Machado, the daughter of a diplomat who grew up living all around the world, traces her influences back to comic books, video games, the movies—and YouTube. “I’ve always drawn and painted since I was a kid. I wanted to be an illustrator and work in video games doing concept design for games,” she said. “But I started learning beauty makeup off of YouTube.”
Mostly self-taught from online tutorials and online courses, Machado got into makeup artistry before crafting her first pair of homemade prosthetics, a “rudimentary” pair of clay-molded Elf ears, inspired by The Lord of the Rings films. She got hooked on special effects makeup by watching Guillermo del Toro’s Pan’s Labyrinth, which took home three Academy Awards including Best Makeup.
“I watched the behind the scenes of Pan’s Labyrinth and saw photos of them applying the Faun makeup,” she remembered. “I was like, ‘Whoa—people do this for a living! They make creatures! This is something that happens!’ And that’s what made me want to get into prosthetics.”
Click through Machado’s earlier posts and you’ll find similarly inventive, outside the box uses of makeup beyond beauty and cosplay, two of the most popular kinds of videos on YouTube. Her “Needles and Brushes” project is an ongoing series of makeup videos replicating two-dimensional tattoos on her face and body, creating the effect of a living tattoo that brings some of her favorite tattoo artists’ work to life.
“That’s a really special project for me,” said Machado, who created her first tattoo makeup video inspired by her favorite tattoo artist, whose waitlist for new clients was two years long. Instead of waiting, Machado decided to recreate the art on herself using her own skin as her canvas. “I’d seen people do paintings and characters, but I had never seen anyone take a tattoo and do makeup with it. I’ve always loved that world. I think it’s an art form that’s really underappreciated and I wanted to do what I could to pay tribute.”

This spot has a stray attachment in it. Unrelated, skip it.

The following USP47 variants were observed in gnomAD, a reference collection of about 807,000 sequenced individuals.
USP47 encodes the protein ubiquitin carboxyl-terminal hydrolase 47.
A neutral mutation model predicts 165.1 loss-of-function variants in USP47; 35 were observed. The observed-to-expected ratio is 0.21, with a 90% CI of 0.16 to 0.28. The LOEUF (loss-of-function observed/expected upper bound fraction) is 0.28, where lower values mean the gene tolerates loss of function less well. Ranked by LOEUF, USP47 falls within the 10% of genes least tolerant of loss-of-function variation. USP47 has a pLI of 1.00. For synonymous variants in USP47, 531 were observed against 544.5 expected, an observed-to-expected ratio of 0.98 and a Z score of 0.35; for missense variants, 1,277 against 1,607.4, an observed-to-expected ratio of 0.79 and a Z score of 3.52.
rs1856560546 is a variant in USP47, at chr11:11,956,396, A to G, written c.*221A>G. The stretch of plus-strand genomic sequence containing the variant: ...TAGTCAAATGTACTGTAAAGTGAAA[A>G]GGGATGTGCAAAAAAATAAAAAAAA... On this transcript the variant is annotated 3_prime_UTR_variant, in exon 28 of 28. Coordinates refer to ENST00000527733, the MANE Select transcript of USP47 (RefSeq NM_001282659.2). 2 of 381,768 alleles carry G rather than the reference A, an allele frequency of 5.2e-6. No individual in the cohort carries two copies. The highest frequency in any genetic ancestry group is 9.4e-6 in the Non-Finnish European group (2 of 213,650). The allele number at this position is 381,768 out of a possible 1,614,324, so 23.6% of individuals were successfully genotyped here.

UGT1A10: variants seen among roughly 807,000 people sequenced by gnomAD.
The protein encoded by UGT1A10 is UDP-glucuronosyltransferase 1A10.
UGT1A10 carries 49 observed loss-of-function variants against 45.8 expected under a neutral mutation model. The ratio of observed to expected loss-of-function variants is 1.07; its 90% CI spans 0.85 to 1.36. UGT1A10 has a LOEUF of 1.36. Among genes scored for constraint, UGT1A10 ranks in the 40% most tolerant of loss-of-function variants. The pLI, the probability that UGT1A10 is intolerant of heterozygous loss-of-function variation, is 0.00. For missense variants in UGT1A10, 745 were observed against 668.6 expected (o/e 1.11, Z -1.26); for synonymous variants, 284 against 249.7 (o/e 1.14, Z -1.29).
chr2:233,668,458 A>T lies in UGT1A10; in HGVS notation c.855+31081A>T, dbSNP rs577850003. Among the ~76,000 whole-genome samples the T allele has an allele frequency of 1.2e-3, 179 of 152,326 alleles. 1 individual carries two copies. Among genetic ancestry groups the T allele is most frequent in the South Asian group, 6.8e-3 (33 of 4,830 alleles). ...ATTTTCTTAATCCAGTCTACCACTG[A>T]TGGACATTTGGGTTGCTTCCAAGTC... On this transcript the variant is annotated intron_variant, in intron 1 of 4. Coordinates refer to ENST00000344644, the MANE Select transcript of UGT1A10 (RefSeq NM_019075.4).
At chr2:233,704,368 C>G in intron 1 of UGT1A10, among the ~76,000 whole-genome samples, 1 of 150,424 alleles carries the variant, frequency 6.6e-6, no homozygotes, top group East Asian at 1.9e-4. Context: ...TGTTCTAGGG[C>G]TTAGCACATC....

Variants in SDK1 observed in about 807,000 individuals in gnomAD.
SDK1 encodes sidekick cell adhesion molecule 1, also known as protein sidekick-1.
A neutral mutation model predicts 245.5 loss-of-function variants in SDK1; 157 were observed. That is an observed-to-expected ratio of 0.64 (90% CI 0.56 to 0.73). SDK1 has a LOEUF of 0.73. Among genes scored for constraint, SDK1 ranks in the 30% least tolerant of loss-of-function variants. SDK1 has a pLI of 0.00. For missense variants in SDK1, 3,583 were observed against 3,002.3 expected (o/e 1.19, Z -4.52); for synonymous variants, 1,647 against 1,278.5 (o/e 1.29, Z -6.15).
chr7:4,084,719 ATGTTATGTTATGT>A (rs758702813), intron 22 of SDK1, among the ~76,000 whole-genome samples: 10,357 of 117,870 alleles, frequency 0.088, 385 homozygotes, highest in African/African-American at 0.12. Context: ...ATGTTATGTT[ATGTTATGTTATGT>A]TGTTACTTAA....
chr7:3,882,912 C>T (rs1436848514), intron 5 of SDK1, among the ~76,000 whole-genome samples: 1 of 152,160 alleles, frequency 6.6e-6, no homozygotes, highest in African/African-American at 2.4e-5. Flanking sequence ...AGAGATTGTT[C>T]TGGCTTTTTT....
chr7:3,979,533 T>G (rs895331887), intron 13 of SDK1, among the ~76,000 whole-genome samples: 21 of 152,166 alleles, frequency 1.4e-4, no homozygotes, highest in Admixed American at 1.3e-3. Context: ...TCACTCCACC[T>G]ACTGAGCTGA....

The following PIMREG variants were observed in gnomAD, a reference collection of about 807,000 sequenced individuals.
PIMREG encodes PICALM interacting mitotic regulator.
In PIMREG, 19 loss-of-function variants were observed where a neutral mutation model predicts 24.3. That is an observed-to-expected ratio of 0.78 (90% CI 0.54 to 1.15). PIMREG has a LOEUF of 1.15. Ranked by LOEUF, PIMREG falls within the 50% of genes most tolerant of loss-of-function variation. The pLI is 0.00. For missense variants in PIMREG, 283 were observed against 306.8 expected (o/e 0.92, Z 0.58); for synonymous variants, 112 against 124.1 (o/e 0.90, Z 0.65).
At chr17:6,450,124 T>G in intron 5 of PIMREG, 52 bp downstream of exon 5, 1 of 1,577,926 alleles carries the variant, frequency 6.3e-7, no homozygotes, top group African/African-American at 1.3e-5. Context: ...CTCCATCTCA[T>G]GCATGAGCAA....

The idea of creating tutorials for her unusual makeup art was planted when she began posting makeup videos for fun on her YouTube channel. “I started because my friends were like, how the fuck do you do this?”
Her future goals include putting together a book of her tattoo looks in collaboration with a tattoo artist, and continuing to create new ways of expressing never before seen artistic visions using makeup—and teaching others how to see makeup as a medium of vast creative potential.
“I want to continue to try to push myself to make things that people haven’t seen yet,” she said. “I think that’s essentially what I’m trying to do with my makeup, to innovate and make something new, which is really hard to do. Usually in this world you draw inspiration from something else, or your work is influenced by other people.”
Her dream job, however, is working in special effects makeup for film—preferably science fiction or fantasy. “I would die happy if I worked on Star Wars,” she said. “I really want to work in the movie industry. I really want to work with prosthetics. And I’m super squeamish. My main goal is to make pretty creatures instead of blowing someone’s head up.”